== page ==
Objective: Design a cost-effective low-latency modular pub/sub middleware for local networks, with focus on safety/resilience and security.
Challenge: Solve the dynamic pub/sub system encryption conundrum, achieve ultra low-latency communication, and provide cost-effective safety certification.
Applications: IoT, industrial automation, automotive, defence, deterministic and safety-related/critical systems, high-frequency trading.

xNET is a bottom-up approach in designing a high-performance low-latency distributed communication architecture and application middleware with integrated safety and security.

The primary architecture design requirement of xNET is to leverage existing core and low-level networking and communication technologies (both hardware and software) in order to assemble and create the most cost-effective, efficient, and reliable solution possible with the available resources.

Typical capability-driven middleware designs tend to require the creation of complex component architectures, the development of copious amounts of software components, and the coordination of complex synchronous and asynchronous internal component and external node interactions. Such top-down approaches can be very time consuming, costly, and have a high risk of accumulating technical debt.

Technical Characteristics

The xNET architecture utilises and builds on widely used existing and upcoming communication and security technologies and protocols such as:

  • IPv6, IPsec, and Software Defined Networks (SDN)
  • PKI Certificates
  • standardised and accredited encryption ciphers (AES, SPECK, etc)
  • abstraction and modularity design concepts (Data and System Modelling)
  • security management components (centralised & decentralised key management modules)
  • information and entity management and validation (certificate and blockchain based)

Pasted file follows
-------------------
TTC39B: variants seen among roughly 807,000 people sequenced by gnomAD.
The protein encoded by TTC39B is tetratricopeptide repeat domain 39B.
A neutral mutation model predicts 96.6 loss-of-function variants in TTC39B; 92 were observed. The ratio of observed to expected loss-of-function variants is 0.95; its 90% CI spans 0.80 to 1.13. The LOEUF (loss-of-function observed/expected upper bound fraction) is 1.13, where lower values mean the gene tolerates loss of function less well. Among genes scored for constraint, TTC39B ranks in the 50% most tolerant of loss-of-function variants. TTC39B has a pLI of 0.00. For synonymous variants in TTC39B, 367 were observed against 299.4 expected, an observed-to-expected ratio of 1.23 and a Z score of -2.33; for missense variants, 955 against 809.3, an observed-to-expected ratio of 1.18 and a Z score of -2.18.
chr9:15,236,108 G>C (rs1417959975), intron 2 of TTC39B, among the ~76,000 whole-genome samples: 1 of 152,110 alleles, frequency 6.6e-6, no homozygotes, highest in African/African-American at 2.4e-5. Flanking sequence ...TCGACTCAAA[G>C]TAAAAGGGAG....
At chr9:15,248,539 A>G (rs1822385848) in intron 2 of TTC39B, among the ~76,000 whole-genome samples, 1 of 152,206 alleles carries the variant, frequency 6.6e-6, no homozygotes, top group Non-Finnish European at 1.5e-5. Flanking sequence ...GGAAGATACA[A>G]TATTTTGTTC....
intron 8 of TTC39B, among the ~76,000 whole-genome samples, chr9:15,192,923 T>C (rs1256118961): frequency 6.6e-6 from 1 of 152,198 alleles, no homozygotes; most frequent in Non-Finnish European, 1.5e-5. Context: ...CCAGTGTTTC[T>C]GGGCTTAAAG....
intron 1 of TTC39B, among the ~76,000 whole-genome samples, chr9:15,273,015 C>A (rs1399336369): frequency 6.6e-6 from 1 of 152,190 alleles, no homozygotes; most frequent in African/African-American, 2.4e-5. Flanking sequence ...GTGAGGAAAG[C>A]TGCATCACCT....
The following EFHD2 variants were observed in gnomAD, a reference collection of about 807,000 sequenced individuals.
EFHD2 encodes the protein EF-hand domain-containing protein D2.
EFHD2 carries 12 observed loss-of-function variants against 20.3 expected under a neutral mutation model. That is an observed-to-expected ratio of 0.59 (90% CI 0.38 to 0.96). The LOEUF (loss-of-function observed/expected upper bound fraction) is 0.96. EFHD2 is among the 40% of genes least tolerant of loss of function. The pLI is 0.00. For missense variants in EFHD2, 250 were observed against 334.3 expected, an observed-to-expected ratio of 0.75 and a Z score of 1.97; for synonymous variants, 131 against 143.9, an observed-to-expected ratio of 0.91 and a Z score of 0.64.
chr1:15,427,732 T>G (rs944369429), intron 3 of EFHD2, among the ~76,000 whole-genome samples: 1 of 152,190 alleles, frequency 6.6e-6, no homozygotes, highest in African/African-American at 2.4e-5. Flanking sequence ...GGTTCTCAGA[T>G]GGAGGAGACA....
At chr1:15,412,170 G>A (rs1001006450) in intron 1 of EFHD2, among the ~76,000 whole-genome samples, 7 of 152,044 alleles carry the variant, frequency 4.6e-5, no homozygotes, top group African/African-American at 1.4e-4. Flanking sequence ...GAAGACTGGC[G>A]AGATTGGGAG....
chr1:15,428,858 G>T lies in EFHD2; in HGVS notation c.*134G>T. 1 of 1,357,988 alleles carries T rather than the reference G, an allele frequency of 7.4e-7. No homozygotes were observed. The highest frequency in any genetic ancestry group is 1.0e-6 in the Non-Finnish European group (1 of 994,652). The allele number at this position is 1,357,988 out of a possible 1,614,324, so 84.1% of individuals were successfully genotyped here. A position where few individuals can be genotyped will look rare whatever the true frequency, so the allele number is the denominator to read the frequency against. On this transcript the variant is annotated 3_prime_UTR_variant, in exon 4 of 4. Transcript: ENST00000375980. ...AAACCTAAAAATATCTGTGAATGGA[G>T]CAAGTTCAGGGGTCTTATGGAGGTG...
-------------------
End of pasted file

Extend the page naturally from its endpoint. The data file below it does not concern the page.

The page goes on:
• remote system access components for management, monitoring, and upgrading
  • application end-to-end source validation and information assurance
  • multi-path, self-reconfiguration, and self-healing technologies for enhanced resilience

Architecture Design

The xNET architecture defines and standardises how an embedded system communication architecture is designed, which protocols are used, how they are configured, and how they are used by the system applications. All these guidelines ensure the system maintains a high-quality level of operational security, safety, and resilience.

The following technologies have been considered for evaluation and integration:

  • OSI Layers 1 & 2: Ethernet, SDN
  • OSI Layers 3 & 4: IPv4/IPv6, TCP/IP, IPsec
  • OSI Layers 5 & 6: PKI, PKCS, Object-based Data Models
  • OSI Layer 7: Node watchdogs, cryptographic data guards, security monitoring modules, dynamic network/node reconfiguration and multi-path management agents

The technologies in layers 1 to 6 are primarily passive and facilitate the overall sub-system, intra-network, and remote intercommunication. The layer 7 technologies have a more active role within a device and the system as whole, operating within, along-side, and independently of the user applications handling tasks necessary to achieve the xNET concept requirements.


A high level of security is achieved through the use of fully standardised and encrypted network communication (Layers 1-6) with certificate-based authentication, ephemeral or static shared keys, and low-level network monitoring. Layer 7 components provide additional security monitoring and control services, suitable for both local and remote management of encryption and authentication configurations.

Safety / Resilience

The baseline of a security and authenticated communication system enables the consideration of high-level mechanisms to provide resilient and safe inter-application communication, making it possible to use the xNET architecture in safety-related and possibly safety-critical systems. Traditional safety-critical communication via very expensive safety-critical networks could be replaced by non-safety-critical networks with much higher bandwidth, functionality, and supply & support chain. This would make the xNET architecture suitable for advanced automotive, industrial, and military applications (active protection systems, fire-control, autonomous mobility), while being cost-effective enough to be used for secondary non-safety-critical sub-systems communication and increase security and resilience throughout the system architecture.

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